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Anime And Manga
- In the OVA of Kujibiki Unbalance, Alex is a human character. In the TV series, he's a dog (and also the current student council secretary).
- Lola and Layla in Venus Versus Virus are ageless, artificial humans in the anime but normal girls with psychic powers in the manga.
- In the original Cutey Honey series, Cutey Honey herself was a Ridiculously Human Robot. In the Shoujo adaptation Cutey Honey Flash, she is a human.
- Most of the Human Aliens and Artificial Humans in Lyrical Nanoha were changed into normal humans in Magical Girl Lyrical Nanoha INNOCENT. Yuuno, Zafira, Arf, and Linith were changed to be ordinary pets (Linith was a Decomposite Character who appeared as both a human and a cat).
- In Chilling Adventures of Sabrina the normally human Betty and Veronica from Archie Comics are shown to be witches. Ms Grundle is a witch as well.
- In pre-Infinite Crisis DC Comics continuity both the Champions of Angor/Justifiers and the Extremists were Human Aliens from Angor: an earth-like planet that also had similar technology and pop-culture. In their re-imaginings as the heroes and villains of Earth-8 in both Countdown to Final Crisis and The Multiversity they are normal humans from that universe’s version of Earth.
- Teen Titans: Earth One:
- Ultimate X-Men
- Both John Wraith and Doug Ramsey are humans, not mutants.
- Juggernaut in 616 is often mistaken for a mutant, and his brother (Xavier) is, but his power actually comes from a magic ruby. Here he actually is a mutant.
- Instead of being interdimensionial beings, Mojo's a human and Longshot is a mutant. Sprial is also a mutant, too, instead of a mutated human.
- Lilandra Neramani is the human leader of a Church of Happyology called Shi’ar Enlightenment, rather than the alien ruler of the Shi'ar Empire.
- A sort of example with the post-Zero Hour version of the Legion Of Superheroes Princess Projectra, who goes by Sensor. She's still a member of the royal family of the planet Orando, but the Orandans have gone from humanoid aliens to giant snake aliens.
- The Ultimates:
- In Secret Wars: 1602: Witch Hunter Angela, Angela and Sera are human, not Asgardian and Hevenite. When they meet Gardiner's Men, the 1602 version of the Guardians of the Galaxy, Goodman Root (Groot) and Madame Gomorrah (Gamora) are human, and the Aroughcun (Rocket) is an actual raccoon.
- Keeping with its Demythification schtick, Age of Bronze changes all demigods (and one centaur) to humans.
- The New 52 Justice League storyline "Darkseid War" introduces a version of Ardora, Luthor's love interest from the planet Lexor. Only in this universe, she's Apokaliptian.
- Blubber Bear who was a bear in Wacky Races, in Wacky Raceland is a human man who wears the pelt of a bear that gave him brain damage before the Announcer brought him and Luke into the Race. Similarly, Sawtooth has gone from a Funny Animal beaver to an "androgynous street urchin" with Jaws-from-James Bond style Scary Teeth.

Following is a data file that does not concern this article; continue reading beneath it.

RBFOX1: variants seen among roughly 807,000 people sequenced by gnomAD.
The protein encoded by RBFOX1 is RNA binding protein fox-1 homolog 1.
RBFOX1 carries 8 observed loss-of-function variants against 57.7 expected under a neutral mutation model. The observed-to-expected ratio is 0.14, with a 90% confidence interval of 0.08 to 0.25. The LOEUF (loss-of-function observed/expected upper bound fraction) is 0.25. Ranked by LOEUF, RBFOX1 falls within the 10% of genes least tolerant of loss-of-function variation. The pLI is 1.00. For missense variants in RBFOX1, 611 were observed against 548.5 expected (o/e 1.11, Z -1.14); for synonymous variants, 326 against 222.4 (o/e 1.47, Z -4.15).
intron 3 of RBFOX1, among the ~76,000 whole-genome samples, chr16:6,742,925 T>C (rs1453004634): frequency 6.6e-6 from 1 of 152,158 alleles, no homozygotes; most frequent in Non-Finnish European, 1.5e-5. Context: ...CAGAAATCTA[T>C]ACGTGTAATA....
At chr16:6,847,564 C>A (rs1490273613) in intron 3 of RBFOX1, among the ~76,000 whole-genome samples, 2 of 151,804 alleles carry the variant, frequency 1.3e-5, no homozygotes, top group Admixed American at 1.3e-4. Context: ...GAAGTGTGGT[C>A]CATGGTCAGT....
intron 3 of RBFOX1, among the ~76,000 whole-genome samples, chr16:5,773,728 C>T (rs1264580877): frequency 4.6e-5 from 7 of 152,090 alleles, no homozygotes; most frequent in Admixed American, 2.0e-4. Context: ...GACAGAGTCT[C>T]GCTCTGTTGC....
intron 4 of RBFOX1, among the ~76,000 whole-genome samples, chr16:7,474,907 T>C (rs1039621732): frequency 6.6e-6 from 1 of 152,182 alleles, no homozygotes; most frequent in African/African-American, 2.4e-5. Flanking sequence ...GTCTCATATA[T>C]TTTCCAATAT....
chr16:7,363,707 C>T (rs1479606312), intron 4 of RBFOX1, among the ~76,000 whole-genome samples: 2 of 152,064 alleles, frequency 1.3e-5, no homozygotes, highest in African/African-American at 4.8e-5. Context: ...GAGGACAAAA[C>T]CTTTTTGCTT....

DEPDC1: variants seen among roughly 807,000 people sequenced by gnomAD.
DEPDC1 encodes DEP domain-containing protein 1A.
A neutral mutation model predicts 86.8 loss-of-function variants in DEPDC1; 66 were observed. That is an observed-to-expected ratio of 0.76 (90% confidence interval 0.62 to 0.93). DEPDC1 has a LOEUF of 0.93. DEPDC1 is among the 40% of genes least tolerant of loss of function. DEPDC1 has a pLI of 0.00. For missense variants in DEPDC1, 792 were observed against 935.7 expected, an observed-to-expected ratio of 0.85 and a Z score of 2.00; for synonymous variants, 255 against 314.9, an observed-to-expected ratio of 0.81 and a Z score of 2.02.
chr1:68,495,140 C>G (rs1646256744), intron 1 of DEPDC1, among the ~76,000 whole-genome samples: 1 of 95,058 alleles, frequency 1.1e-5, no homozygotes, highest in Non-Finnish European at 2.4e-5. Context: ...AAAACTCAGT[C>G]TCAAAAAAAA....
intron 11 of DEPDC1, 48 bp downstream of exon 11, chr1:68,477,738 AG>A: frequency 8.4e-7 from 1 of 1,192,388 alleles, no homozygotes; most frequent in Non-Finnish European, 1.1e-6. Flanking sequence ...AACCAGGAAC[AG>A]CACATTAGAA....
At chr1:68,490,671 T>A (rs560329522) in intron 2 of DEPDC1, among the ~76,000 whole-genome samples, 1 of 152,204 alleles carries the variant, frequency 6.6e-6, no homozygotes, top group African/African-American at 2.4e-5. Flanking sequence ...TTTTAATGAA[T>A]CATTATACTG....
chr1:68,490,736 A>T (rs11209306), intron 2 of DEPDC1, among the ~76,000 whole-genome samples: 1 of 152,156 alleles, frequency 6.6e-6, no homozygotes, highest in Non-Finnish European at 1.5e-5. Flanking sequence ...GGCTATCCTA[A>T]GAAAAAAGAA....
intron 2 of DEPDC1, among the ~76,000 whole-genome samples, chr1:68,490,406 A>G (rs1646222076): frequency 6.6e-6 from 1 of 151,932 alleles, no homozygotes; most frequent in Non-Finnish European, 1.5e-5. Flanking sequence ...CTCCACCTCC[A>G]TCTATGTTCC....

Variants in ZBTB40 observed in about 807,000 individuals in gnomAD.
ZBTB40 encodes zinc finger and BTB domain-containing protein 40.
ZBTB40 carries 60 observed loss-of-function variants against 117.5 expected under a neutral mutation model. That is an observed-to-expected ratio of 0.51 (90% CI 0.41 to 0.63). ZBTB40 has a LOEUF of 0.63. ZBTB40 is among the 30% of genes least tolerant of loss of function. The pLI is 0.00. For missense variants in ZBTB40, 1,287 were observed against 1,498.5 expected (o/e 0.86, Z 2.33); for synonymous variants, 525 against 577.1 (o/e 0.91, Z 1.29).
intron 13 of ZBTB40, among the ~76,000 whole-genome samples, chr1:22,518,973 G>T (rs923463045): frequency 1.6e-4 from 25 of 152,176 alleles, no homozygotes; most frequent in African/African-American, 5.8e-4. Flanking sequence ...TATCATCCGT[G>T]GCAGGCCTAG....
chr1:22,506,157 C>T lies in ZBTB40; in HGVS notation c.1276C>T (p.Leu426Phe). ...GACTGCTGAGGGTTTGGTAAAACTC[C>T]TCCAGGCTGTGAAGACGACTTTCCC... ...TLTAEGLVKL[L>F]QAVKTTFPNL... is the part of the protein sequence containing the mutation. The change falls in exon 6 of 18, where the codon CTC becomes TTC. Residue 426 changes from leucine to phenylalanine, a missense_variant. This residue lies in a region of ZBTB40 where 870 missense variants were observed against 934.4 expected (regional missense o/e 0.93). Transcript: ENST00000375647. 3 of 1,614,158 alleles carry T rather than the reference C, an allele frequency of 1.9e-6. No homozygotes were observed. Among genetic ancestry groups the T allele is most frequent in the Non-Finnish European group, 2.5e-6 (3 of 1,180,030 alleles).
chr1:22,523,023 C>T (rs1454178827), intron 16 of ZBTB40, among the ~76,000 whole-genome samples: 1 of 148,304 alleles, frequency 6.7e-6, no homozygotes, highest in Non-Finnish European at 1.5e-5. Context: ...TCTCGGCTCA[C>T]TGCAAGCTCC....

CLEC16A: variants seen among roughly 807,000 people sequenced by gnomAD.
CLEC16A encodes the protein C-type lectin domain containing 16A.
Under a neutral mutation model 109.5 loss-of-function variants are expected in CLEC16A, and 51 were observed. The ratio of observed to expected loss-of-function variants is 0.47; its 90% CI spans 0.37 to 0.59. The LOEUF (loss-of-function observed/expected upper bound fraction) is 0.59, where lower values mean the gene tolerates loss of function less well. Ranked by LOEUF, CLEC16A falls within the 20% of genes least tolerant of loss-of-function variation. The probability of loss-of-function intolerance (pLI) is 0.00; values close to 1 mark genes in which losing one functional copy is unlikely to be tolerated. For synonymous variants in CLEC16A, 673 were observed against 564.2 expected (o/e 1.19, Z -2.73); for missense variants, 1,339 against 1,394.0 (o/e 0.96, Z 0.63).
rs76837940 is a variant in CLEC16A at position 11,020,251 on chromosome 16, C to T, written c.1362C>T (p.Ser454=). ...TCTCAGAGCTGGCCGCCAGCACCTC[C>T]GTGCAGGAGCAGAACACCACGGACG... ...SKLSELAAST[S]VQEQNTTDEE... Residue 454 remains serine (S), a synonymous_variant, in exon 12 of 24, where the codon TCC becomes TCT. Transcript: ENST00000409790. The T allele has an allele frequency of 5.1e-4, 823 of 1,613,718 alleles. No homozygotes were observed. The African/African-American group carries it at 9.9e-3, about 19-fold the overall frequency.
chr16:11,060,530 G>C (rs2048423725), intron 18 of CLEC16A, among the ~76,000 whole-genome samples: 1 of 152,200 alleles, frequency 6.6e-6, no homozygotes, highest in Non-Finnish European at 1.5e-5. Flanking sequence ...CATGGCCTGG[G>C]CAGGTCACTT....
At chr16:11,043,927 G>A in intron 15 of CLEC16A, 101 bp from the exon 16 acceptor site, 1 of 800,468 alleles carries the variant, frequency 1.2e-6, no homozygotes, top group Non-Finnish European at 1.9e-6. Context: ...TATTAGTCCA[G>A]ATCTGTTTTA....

- In Hans Von Hozel's Little Red Riding Hood fic, the Wolf is replaced by a bear.
- Ultimate Spider Woman does this to Spider-Man villain the Chameleon is made from a human (who, depending on how he's written, either a Master of Disguise or a mutated human with Shapeshifting powers) into a mutant, (and the brother of X-Men villain, Mystique.)
- The Last Daughter and the rewrite The Girl Of Tomorrow turn Taylor, a human in canon, into the titular last daughter of Krypton.
- Evangelion 303 turns Rei and Kaworu into humans. In the original show they were Humanoid Abominations.
- Last Child of Krypton turns Shinji Ikari into a Kryptonian. Asuka also becomes one via bio-engineering in the story's second version.
- In the original series, Asuka is fully human. In Superwomen of Eva 2: Lone Heir of Krypton she's half-Kryptonian.
- In the original game, Princess Elise and her father are humans. In Sonic the Hedgehog: Heroes of Mobius, they're Mobian jaguars.
- Many Sonic the Hedgehog fanworks change the human Maria Robotnik into a teenage hedgehog to ship her with Shadow.
Film - Animated
- Edgar Rice Burroughs' original Tarzan stories:
- Sabor was a lioness, but in Disney's Tarzan, she was changed to a leopardess. note
- The apes Tarzan lived with weren't gorillas, but a fictional species of ape (or hominid?) called mangani. The mangani were mortal enemies of the bolgani (the mangani's blanket term for gorillas).
- In the original books, Tarzan has a monkey sidekick named Nkima, but in the classic films and live action TV show he has a chimp sidekick named Cheeta. The gorilla Terk from the Disney adaptation is loosely based on them.
- Bambi: The novel's Bambi was a roe deer in (presumably) Austria, but Disney made Bambi a white-tailed deer in Maine because the latter species was more familiar to American audiences.
- In the original Peter Pan, Nana is a Newfoundland, but in the Disney adaptation, she is a Saint Bernard.
- Justice League: Gods And Monsters and its tie-in media made Giganta into a Humongous Mecha and Brainiac into a genetically engineered little boy.